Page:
How about we take this at face value, let’s discard the emotion, the political advantage, the recriminations; we have a young woman who is suffering something psychological. Of course, episodes psychological seem to be celebrated today, but hey, humor me anyway. It would appear that we have an individual who was looking for attention, maybe an identity, a persona. Sorry, but she was conditioned early on that white equal bad, black equal good. And whether you want to admit it or not, there is as much black privilege as you claim there is white privilege. In fact, there are all sorts of minority privileges out there, and it’s supported and fostered by the political classes who seek to do no more than keep us at each other’s throats, convinced that it’s the other guy who has the leg up.

Had she become the pasty-white freckled ginger adult she was destined to become without an obvious tanning addiction, would she have been as effective a leader in the NAACP as she became? Probably. But who knows. Like Elizabeth Warren, checking off the right boxes and identifying yourself as something other than the hated white man seems to open a lot of doors. And please, don’t give me all that crap about how wonderful it is to be a white male in today’s society. Liberal society has done nothing but foster hate for all things white for my entire life, making many middle-aged white men like myself far more cynical about race relations, as we’re held responsible for everyone’s failures. We’re pretty damned tired of being told we have advantages that never materialize while we get squeezed out of opportunities we’re suited for because our little boxes weren’t the right ones checked.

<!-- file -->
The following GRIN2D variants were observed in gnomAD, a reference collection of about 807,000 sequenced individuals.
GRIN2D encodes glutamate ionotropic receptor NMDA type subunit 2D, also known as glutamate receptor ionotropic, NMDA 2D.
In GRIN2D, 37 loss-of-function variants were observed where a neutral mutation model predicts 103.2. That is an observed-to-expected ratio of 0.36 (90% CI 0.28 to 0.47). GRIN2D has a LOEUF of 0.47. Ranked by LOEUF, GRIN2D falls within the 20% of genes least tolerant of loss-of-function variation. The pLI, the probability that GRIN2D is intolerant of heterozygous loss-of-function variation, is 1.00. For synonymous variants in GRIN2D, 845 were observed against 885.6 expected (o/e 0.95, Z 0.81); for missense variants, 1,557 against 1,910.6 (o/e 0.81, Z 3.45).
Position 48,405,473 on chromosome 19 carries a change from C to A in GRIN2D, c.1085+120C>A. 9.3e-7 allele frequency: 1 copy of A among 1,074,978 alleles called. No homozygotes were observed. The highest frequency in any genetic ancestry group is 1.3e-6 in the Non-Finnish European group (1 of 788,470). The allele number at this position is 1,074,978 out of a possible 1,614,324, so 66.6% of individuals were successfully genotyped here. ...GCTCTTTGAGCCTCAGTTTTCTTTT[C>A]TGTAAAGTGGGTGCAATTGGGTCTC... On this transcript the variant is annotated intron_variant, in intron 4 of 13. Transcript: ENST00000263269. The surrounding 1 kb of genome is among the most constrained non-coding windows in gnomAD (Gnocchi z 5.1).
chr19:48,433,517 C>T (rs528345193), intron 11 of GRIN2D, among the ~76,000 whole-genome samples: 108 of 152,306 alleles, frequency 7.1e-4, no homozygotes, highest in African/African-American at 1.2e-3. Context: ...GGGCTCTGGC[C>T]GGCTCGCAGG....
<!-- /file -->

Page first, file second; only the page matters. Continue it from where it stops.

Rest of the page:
Anyway, if this doesn’t start changing the conversation about race and/or blackness within the black community, nothing will. Does this not shatter some of the conventions that we’ve all had to accept or be cast as the villain, asking the right questions but excoriated for the having the temerity to ask them? Are some blacks more black than others? What about non-African-Americans who happen to be black? Where do they fit in? Or blacks who have shed the yoke of victim-hood, are they black even if they aren’t down with the cause? And what do we do with the Oreos and Uncle Toms? What does it mean to be black and what happens if I wake up one day and just happen to feel Trans-Black? Do I have to change my political views to be black or does ancestry play any part at all?

At least she’s got us talking. Or for what it’s worth, she’s probably got the majority of Americans shaking their heads in disbelief, regardless of their color. Or maybe, just maybe, a large majority of blacks in America may now finally see how viewing the world first through the prism of one’s own skin color only separates us all from one another in this society. Are there those who are white and will hate others just because they are black? Yes, of course and there always will be. Just as there are blacks who will hate anyone or anything considered too white, even hating people who actually have the lineage Rachel tried so hard to affect. Hated, just based on their political point of view.

It’s not enough to complain about racism, scream it at the top of your lungs, and use it as an excuse or a weapon. One needs to be committed to living without the consequences of those tiny little check boxes or the power we bestow upon them. Racism will never die out completely, but it will never diminish until we decide to start ignoring race altogether.

It’s what we all say we want. But like Ms. Dolezal, we’re too addicted to the power of those tiny little boxes.